By contrast, the Carolina Panthers scored an NFL-best 500 points, and unsurprisingly topped the league in red-zone efficiency as well, converting 69.44 percent of their red-zone appearances into touchdowns. Interestingly, this high degree of success didn't affect kicker Graham Gano's fantasy standing, as he finished with 163 fantasy points on FanDuel, the second-highest total in the league. For all of his team's touchdown-related prowess, he also tied with the top fantasy point-scorer among kickers, the Pats' Stephen Gostkowski, for fifth-most field-goal tries (36) in the NFL.
The top two offenses in red-zone efficiency last season included a kicker whose fantasy value clearly took a hit and one who seemed to simply shake it off and still reward fantasy owners with regularity throughout 16 games. How do these two case studies jive with conventional logic, and what's the takeaway for making better daily fantasy football kicker selections? Simply put, the devil is in the details.
While the Lions were plenty effective at scoring touchdowns in the red zone, they were only 20th out of 32 teams in total offense (346.7 yards per game) and ranked 18th in points per game (22.4). Their offense happened to be proficient within the opponents' 20, even if they weren't a juggernaut as a unit. Therefore, not only were they often vulturing Prater's opportunities when getting within striking distance of the goal line, they were also slightly below league average in terms of moving the ball effectively and getting him in field-goal range. In other words, Prater's results are more or less what we would expect for a kicker on a team that's highly proficient in the red zone, and that also offers the double whammy of not being especially effective at moving the ball well overall.
By contrast, the Panthers were good at scoring in every possible manner. They visited the end zone often, but also moved the ball with such regularity (366.9 yards and an NFL-best 31.3 points per game) that Gano still got his opportunities on many occasions when it came to field-goal attempts. Their case is a bit different, in that their high degree of success in the red zone was only a portion of their overall offensive proficiency; they were consistently moving the ball and getting within field-goal range at a very high rate, spreading the fantasy-point wealth to Gano in the process.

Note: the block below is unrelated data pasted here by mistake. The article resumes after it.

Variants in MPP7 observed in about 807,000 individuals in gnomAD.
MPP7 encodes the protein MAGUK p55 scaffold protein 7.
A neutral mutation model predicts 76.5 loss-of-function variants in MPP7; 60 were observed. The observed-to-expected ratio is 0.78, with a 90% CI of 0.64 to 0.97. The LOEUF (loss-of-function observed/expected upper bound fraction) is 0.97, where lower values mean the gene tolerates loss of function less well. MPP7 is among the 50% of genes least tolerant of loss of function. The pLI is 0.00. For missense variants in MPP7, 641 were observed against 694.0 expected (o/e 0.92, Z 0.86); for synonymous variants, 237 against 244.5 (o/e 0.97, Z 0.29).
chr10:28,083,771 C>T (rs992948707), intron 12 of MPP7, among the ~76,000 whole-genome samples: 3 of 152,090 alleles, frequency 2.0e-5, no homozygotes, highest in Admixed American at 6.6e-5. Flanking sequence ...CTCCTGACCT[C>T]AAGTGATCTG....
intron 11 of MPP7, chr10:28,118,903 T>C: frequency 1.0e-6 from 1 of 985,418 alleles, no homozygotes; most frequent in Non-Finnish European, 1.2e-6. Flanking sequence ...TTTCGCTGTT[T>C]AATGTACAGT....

No Bonus For You!
Keep in mind that, at least through last season, FanDuel, unlike DraftKings, did not award any bonus points for 300-yard passing games or 100-yard rushing and receiving performances. This shouldn't affect daily fantasy football strategy too much, but it bears mentioning. Naturally, Antonio Brown or Odell Beckham, for example, are still aptly capable of providing substantial fantasy-point hauls despite the absence of a bonus. Therefore, there really should be no effect on your decision-making process, but be mindful that you don't receive anything extra outside of the corresponding fantasy points under standard scoring when your quarterback, running back or receiver hits those benchmarks.
Possession Receivers Less Valuable?
Another important distinction between FanDuel and DraftKings' NFL contests it the absence of a fantasy-point-per-reception on FanDuel. This can mean a slight downgrade for your high-target but less-explosive possession types such Julian Edelman and Jarvis Landry – two receivers highlighted as benefiting from DraftKings' points-per-reception system in our first installment – and an uptick in the already-sky-high value of your more prolific red-zone targets or score-from-anywhere types such as Beckham.
Set It and Forget It
The final, and perhaps most crucial, difference in playing NFL DFS on FanDuel is the absence of a late swap option. Simply put, once the earliest game on the slate kicks off, there is no altering your roster.
On the one hand, this can be a bit of a relief mentally, as there aren't any last-minute injury reports to monitor for the late games. However, it also means that you have to put in that extra bit of research before lineup lock, particularly with those iffy injury scenarios for players whose teams have yet to release their inactives list due to a later kickoff.
In tournament play, a scenario involving a questionable injury status for a typically highly-owned player can sometimes pay off for those with enough ice water in their veins to take him. In cash games, such as 50/50s and head-to-heads, however, you want to play it safe with injuries, as zero points from a last-minute inactive can completely sabotage an otherwise solid lineup. A potential alternative on weeks when there are just too many late-game injury questions is to simply play an "early only" or "4:00 p.m. only" slate, thereby eliminating the guesswork altogether.